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A Slow “Catch and Release” Process Prolongs Immune Attack on Cancer Cells

A Slow “Catch and Release” Process Prolongs Immune Attack on Cancer Cells

Melanoma cells capture a cytokine called IFNγ (green) on their surfaces, transport them inside the cell, and carry them back to the surface later. The cell membrane is in red, and the nucleus is in blue. Photo Credit: Jennifer Oyler-Yaniv & Grégoire Altan-Bonnet.

When a tumor forms, the immune system launches an attack on the cancer cells by releasing molecules called cytokines. Now Center for Cancer Research investigators have discovered that some tumor cells catch the cytokines on their surfaces and slowly release the molecules. The results, reported on June 1, 2017, in Molecular Cell, could explain how immune responses to cancer last for several days and why therapies targeting the immune system may work better on certain tumor types.

Cytokines are proteins released and sensed by cells. These proteins can tune the cells’ gene expression depending on the environment. In the immune system, cytokines can kill tumor cells by prompting them to self-destruct. These molecules also make the cancer cells show bits of proteins from their insides on their surfaces, which signals more immune cells to flock to the tumor site. But even though the initial burst of cytokines is brief, an immune response can last for several days—and it wasn’t clear why.

“People tend to look at short time scales or long time scales,” says Grégoire Altan-Bonnet, Ph.D., an Investigator in CCR’s Cancer and Inflammation Program. “They didn’t try to connect the two.”

Jennifer Oyler-Yaniv, a graduate student in Altan-Bonnet’s lab, conducted an experiment to track cancer cells’ response to cytokines. She exposed mouse melanoma cells to a cytokine named interferon gamma (IFNγ) for five hours and then removed the IFNγ. IFNγ prompts tumor cells to present more protein fragments on their surfaces, activating immune cells called T cells. The activated T cells then kill the tumor cells. The team monitored that process for about a week. T-cell activation peaked about two days after the initial exposure.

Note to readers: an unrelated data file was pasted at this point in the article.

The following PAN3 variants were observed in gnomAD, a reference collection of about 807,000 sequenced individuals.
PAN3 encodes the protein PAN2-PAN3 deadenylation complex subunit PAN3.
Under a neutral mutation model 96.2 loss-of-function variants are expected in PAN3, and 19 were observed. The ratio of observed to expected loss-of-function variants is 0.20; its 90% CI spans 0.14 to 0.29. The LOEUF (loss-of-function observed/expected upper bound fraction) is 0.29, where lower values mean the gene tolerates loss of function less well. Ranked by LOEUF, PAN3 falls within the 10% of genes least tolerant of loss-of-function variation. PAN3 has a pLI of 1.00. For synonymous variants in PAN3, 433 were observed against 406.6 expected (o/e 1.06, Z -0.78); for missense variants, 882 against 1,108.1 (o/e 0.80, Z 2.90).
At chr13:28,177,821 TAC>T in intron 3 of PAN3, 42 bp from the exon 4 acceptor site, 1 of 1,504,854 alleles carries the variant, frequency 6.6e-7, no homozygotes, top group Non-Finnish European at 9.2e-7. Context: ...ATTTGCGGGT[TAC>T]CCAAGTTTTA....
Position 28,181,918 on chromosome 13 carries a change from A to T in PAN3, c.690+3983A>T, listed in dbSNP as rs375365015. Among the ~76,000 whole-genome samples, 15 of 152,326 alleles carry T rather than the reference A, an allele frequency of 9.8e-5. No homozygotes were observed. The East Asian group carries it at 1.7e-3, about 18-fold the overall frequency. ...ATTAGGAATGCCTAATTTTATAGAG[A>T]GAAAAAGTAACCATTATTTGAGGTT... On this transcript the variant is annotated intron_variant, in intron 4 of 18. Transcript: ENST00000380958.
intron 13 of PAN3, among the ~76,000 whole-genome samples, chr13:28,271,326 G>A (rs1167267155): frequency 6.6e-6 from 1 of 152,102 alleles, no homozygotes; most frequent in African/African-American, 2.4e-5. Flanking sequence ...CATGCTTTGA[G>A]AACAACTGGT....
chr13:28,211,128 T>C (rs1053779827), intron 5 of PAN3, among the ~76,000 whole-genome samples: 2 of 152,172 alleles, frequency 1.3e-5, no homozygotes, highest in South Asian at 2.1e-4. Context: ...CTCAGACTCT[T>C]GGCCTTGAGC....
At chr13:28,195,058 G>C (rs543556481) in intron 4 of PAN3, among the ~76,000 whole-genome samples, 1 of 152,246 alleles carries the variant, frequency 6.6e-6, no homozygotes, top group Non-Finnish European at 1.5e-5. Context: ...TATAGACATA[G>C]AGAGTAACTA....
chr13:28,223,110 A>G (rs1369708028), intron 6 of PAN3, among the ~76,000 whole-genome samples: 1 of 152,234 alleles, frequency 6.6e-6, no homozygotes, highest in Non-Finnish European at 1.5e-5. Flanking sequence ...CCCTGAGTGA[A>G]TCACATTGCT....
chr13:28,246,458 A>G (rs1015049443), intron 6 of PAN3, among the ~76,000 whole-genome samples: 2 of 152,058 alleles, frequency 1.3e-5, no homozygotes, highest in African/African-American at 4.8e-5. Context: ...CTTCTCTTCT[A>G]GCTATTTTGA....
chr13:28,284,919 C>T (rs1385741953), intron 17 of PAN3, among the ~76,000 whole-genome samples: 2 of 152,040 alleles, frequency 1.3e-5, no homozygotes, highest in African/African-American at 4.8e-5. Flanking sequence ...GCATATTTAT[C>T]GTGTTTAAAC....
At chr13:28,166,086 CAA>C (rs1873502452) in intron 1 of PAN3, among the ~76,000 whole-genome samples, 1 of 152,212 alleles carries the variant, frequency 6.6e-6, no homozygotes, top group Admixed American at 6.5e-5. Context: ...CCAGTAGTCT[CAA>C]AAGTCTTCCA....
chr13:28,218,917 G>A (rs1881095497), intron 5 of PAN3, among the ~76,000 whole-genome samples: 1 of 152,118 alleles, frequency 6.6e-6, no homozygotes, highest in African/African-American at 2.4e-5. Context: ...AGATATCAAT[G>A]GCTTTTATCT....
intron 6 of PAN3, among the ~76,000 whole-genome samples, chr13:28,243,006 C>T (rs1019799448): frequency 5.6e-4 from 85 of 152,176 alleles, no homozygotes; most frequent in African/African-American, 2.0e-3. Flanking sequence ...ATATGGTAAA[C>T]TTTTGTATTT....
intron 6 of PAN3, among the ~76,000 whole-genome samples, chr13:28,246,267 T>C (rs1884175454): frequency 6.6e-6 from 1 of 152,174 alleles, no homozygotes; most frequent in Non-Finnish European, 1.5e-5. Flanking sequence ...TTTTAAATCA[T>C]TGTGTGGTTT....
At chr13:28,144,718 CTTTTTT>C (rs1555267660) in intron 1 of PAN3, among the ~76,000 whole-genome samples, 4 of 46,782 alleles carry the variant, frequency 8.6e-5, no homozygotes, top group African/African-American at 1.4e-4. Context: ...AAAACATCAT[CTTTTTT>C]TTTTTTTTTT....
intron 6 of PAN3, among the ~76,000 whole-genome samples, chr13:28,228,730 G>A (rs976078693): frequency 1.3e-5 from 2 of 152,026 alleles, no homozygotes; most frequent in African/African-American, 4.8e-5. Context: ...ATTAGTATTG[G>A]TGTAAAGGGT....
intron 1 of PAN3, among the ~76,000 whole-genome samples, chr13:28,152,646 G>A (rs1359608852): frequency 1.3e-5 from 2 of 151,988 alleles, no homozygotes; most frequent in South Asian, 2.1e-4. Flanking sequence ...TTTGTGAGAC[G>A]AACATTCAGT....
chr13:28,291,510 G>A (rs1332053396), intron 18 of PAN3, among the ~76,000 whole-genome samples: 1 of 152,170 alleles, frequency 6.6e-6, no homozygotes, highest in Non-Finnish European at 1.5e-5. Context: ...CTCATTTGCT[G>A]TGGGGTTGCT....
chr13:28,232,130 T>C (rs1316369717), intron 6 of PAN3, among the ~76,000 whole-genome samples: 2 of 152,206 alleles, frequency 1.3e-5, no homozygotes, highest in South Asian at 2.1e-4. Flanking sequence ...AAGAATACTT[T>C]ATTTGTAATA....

At first, the result didn’t make much sense because the cytokine should have been gone by that time. “As soon as you remove it, the signal should go away,” Altan-Bonnet says. “Why are the cells relaying this information for two days?”

To investigate further, the team mixed two sets of melanoma cells. One set had been exposed to IFNγ and washed; the second set had not been exposed to the cytokine. But when the cells were combined, the unexposed cells changed their gene expression as if an IFNγ signal was present. The results suggested that the exposed cells had somehow captured the IFNγ and later released it.

The researchers found that fatty molecules called phosphatidylserine (PS) on the cancer cells’ surfaces latched onto certain cytokines, including IFNγ. “You have to think of them as sticky tape, which is decorating all these tumors,” Altan-Bonnet says. Imaging data suggested that PS molecules bind to IFNγ, transport the cytokine inside the cell and ferry it back to the surface later to be released again.

This “catch and release” process results in IFNγ levels high enough to activate immune cells and help kill neighboring tumor cells. The immune system “has found a very weak point on the tumors,” Altan-Bonnet says.

The frequency of the catch and release process varies across tumor types, and the study might help researchers evaluate how well certain cancers will respond to immunotherapy drugs that attempt to strengthen immune system attacks on tumor cells. Cancer cells with more PS on their surfaces could be more vulnerable to these treatments because they will maintain high IFNγ levels in the surrounding tissue.


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